lagartija said:
just 2 cents about the retirement issue , berto can most certainly retire , he would not be able to compete for another team for the entire duration of his astana contract.........so no he cant just leave and ride for another team 'after the dust settles'..........in effect he would have to sit out a year after which he would be free to negotiate and sign a new contract.......;)

It is not that easy. The damages suffered by the other party have to be taken into account. Astana contracted a top GT rider with the expectation that the team would have a good probability of winning a GT. Without that probability, the team is worth significantly less in terms of advertising or promotion than what it was. In addition to Contador, they hired some riders specifically to support Contador. With a late retirement there would be no way for them to replace what they have lost. If a retirement came a couple of months earlier then Astana might have been able to buy a rider like Evans or offer Leecheimer money to stay. They might have ditched the GT idea entirely and hired more riders for the classics. A sudden retirement in October would leave the team mispositioned for the next racing season. Without a really good reason for retirement, Contador could be liable for damages.

In other terms, you hire someone to provide a service. The person does not provide that service. Just because he does not ask to be paid (or says he did not provide the service because he "retired"), you still may have suffered damages because of expectations that the service would be provided.
 
Jul 26, 2009
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BroDeal said:
It is not that easy. The damages suffered by the other party have to be taken into account. Astana contracted a top GT rider with the expectation that the team would have a good probability of winning a GT. Without that probability, the team is worth significantly less in terms of advertising or promotion than what it was. In addition to Contador, they hired some riders specifically to support Contador. With a late retirement there would be no way for them to replace what they have lost. If a retirement came a couple of months earlier then Astana might have been able to buy a rider like Evans or offer Leecheimer money to stay. They might have ditched the GT idea entirely and hired more riders for the classics. A sudden retirement in October would leave the team mispositioned for the next racing season. Without a really good reason for retirement, Contador could be liable for damages.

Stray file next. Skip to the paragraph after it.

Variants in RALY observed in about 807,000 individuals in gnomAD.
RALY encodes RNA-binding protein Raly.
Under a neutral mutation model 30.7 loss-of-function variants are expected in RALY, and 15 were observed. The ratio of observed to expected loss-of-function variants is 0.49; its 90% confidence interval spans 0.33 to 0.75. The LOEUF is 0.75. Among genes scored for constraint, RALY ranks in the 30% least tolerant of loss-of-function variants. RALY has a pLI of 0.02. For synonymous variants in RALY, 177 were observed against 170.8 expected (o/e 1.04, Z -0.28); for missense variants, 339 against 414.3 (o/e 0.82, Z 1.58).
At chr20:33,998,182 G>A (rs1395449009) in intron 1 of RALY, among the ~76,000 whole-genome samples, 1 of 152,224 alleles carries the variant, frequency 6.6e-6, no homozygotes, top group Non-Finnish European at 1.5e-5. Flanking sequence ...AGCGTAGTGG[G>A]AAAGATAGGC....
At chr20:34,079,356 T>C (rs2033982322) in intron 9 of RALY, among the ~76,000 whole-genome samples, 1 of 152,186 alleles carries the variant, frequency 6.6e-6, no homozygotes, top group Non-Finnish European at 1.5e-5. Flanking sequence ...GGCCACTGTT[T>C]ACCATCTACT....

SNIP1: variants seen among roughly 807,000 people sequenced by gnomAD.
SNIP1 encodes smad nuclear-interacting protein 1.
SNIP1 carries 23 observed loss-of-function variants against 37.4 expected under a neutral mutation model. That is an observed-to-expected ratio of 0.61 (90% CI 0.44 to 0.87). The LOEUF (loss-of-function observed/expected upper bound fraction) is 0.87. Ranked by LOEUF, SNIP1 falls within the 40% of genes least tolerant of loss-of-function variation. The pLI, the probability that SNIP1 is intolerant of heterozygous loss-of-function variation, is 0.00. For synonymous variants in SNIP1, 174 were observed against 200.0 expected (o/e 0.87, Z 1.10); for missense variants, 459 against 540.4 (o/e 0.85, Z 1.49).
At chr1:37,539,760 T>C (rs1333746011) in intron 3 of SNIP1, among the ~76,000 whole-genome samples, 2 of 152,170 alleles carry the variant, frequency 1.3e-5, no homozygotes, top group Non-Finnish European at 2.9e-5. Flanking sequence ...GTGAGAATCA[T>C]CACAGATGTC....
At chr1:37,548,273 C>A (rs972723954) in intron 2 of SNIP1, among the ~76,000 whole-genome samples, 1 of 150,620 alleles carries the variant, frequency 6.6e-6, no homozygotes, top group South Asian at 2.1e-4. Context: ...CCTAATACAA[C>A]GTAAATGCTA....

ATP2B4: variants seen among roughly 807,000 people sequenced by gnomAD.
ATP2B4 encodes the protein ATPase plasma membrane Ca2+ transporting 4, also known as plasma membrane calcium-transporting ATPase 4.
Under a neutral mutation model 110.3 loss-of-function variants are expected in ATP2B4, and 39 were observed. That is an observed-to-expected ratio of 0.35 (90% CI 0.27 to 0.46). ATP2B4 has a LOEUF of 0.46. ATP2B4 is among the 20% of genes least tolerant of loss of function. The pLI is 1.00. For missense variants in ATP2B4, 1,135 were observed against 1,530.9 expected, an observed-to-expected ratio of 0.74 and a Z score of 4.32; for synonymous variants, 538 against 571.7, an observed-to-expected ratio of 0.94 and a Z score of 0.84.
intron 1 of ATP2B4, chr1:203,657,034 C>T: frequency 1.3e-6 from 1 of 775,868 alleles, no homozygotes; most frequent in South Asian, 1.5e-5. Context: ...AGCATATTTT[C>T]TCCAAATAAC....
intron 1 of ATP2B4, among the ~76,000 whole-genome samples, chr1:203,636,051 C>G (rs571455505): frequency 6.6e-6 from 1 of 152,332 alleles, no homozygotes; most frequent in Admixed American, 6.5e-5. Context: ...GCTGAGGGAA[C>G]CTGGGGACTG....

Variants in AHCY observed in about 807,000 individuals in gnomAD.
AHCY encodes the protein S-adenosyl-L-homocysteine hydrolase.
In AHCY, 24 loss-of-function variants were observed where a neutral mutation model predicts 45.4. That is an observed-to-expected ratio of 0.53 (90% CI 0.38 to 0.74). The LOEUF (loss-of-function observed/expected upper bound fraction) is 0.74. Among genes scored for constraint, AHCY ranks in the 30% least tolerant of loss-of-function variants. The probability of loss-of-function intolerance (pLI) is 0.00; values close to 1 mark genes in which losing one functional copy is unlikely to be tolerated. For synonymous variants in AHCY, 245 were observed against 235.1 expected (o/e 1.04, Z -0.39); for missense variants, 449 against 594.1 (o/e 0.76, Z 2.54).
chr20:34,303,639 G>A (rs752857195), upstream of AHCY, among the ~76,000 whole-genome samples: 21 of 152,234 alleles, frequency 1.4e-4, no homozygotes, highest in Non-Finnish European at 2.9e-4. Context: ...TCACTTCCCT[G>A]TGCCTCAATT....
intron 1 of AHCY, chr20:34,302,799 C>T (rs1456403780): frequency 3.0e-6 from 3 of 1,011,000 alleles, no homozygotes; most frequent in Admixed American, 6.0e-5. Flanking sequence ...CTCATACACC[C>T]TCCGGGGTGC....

In other terms, you hire someone to provide a service. The person does not provide that service. Just because he does not ask to be paid (or says he did not provide the service because he "retired"), you still may have suffered damages because of expectations that the service would be provided.

oh i agree with you a legal battle would ensue and damages sought after , no question.....but after that initial sit out he would be able to ride professionally again , im not commenting on what astana might take or not to cas or civil court
 
eleven said:
I'm not sure where you got this information, but it is incorrect.
I asked around, as I didn't know and this is the answer I received from a "knowledgeable" source.
No one has questioned it, since then.
So, if it is incorrect, what is the correct answer and could we have an evidentiary link, please.
It would be nice to have the definitve answer.;)
 
Apr 20, 2009
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Race Radio said:
The Hog is one of the team Radio Shack owners. Also Armstrong was an owner of Ulysses, the Hog's management company that ran Astana.

Team Radio Shack is owned by Capital Sports and Entertainment. Is it your contention that Bruyneel, Armstrong and Stapleton (Bill-not-Bob;) )each have an ownership stake in that company and between the three have complete ownership?
 
So, you can't actually tell us who made the Shack application, can you?

All PT licences are issued under a company name, but are normally held, (Astana being the exception) by the team manager.

Companies are all listed here:-
http://en.wikipedia.org/wiki/UCI_ProTour

As to Capital Sports and Entertainment?
Bill Stapleton and Bart Knaggs. That's it.
Brand new company. Nice pickie of Lance.